Forgot your password?

Making a Frog Habitat in a Small Garden

By Edited Jun 19, 2016 0 1

Creating a habitat for frogs in a small space

I thought we had a couple of frogs in our garden but it turns out that I was wrong. We've got more than that. I'm not entirely sure how many but they keep on cropping up from hiding places like long grass, mulch under the shrubs and between piles of spare bricks and slabs.

Since the frogs are already in residence here, I thought that I should start working on making our garden a bit more suitable for them to enjoy. I'd already put some shallow containers out with water in so that was one thing ticked off the list.

My main focus initially was to investigate the type of things that these common frogs like in an outside space and try to develop a specific area for them that they can thrive in. We have turned an underused corner of our small town plot into an area better suited to these amphibians.

Starting to Create a Frog Habitat

Starting to dig a patch of grass

We picked out a corner of the garden for the frogs because it is an area that was not used very much. This section is right at the back of our backyard plot, away from the house. It is also the shadiest part of our land, only getting the sun in the morning and the complete shade from the afternoon onwards. It seemed the best place that we had available to make a habitat for frogs and perhaps other amphibians too.

After working out a rough size and area for this space to inhabit, we dug up the patchy grass in the corner. A lot of time went into digging over the ground and removing all the weeds by the roots to discourage any more growing up. We used a lawn edger to mark out the boundary and a shovel to remove the top layer of grass. A fork broke the soil down and helped to dig up the weeds and pick out large stones.

Starting to make a wildlife area in the garden

The next step was to create a boundary around the habitat by using up the spare rocks and stones that we already had available. The rocks will help to create useful nooks and crannies for insects that the frogs may like to feast on. They will also make a natural barrier to help hold in and contain the mulch.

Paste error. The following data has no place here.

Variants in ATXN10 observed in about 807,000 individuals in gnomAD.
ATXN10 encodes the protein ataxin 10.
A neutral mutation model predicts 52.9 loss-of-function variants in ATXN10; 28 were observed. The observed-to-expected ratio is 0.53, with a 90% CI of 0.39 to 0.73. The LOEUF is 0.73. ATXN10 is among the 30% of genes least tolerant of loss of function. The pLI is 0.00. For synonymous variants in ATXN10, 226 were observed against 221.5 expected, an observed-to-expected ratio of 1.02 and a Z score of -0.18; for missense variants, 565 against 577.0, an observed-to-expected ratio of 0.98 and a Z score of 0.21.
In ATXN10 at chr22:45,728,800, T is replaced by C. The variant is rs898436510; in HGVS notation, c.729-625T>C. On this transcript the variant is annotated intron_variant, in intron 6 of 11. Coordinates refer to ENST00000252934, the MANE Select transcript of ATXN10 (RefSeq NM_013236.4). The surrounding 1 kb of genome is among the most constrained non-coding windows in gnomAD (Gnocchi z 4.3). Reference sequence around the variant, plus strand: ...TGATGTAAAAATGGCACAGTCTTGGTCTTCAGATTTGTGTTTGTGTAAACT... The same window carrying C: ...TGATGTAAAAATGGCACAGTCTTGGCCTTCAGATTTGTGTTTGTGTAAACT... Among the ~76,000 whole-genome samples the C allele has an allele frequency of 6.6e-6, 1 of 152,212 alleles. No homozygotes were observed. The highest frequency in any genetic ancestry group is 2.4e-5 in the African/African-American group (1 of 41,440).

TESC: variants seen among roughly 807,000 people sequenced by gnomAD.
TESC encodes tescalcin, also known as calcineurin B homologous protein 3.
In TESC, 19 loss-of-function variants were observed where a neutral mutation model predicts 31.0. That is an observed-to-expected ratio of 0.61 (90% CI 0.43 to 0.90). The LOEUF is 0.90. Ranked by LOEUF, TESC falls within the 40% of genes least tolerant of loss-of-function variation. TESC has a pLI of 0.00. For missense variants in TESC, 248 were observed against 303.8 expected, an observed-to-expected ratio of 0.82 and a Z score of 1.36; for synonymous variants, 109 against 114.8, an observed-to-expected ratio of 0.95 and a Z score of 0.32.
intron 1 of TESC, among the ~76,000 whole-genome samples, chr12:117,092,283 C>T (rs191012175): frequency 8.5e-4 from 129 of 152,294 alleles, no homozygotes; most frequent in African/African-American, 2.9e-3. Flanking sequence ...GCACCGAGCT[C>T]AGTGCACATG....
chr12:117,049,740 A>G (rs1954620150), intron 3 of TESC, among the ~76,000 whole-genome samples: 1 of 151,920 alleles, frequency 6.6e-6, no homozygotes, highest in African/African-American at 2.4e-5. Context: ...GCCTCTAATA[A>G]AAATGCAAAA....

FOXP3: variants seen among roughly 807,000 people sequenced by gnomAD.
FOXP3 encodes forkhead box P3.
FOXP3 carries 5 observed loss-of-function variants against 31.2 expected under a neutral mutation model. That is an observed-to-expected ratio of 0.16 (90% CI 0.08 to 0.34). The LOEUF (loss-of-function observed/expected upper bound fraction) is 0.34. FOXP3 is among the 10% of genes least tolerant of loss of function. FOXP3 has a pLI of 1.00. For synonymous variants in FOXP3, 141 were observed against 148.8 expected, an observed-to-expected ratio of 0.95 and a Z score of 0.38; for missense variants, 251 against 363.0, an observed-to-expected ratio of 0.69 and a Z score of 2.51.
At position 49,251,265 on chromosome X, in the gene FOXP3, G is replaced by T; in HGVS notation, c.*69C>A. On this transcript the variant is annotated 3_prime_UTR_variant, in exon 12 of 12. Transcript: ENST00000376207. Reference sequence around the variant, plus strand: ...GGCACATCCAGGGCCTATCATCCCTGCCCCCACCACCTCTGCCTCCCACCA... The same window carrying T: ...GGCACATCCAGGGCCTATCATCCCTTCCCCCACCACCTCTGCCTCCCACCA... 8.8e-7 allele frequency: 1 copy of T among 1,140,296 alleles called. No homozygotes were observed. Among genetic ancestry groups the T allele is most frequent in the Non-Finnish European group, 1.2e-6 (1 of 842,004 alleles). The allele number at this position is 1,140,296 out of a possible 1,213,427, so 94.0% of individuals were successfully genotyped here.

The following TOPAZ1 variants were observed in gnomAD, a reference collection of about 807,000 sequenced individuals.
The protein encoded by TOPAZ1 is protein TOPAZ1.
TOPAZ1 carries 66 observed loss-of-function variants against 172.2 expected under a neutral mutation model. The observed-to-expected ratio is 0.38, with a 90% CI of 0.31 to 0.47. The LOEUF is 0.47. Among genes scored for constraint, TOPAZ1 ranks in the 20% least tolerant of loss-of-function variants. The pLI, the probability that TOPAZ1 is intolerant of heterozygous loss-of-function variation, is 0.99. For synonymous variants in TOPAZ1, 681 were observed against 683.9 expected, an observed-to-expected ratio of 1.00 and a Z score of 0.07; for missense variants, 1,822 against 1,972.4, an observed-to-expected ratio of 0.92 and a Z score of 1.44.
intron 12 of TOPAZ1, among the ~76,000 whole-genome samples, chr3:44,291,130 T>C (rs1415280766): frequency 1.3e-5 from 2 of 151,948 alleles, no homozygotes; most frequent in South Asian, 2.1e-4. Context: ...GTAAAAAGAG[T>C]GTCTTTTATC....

Adding stones to make a border around earth

We added natural bark chippings over the bare soil. This creates a mulch that these amphibians can use for a number of things: to keep themselves warm in during cold weather, to shield themselves from the hot sun and a place to hide from predators.

We had some leftover log roll edging which we placed out flat on top of the mulch. This gives us somewhere safe to tread across this section of the garden. That way we can easily see any frogs without worrying about accidentally stepping on any.

Using Ceramic Pots as Frog Homes

Mulched land with frog homes and shallow pools of water

Making your own frog and toad homes isn't all that hard. You need some large and heavy ceramic pots or containers. Place each one over the top of a couple of bricks. The bricks need to be spaced out so there is both a front and back entrance that these creatures can pass through easily. This allows the amphibians to escape from any predators and not get trapped into a corner or dead-end while doing so.

Using this simple, DIY method we made three quick and simple frog houses and shelters. You can buy purpose-made frog homes but I'm not convinced that they are better than what I've created with the pots and bricks. They can make good gifts though.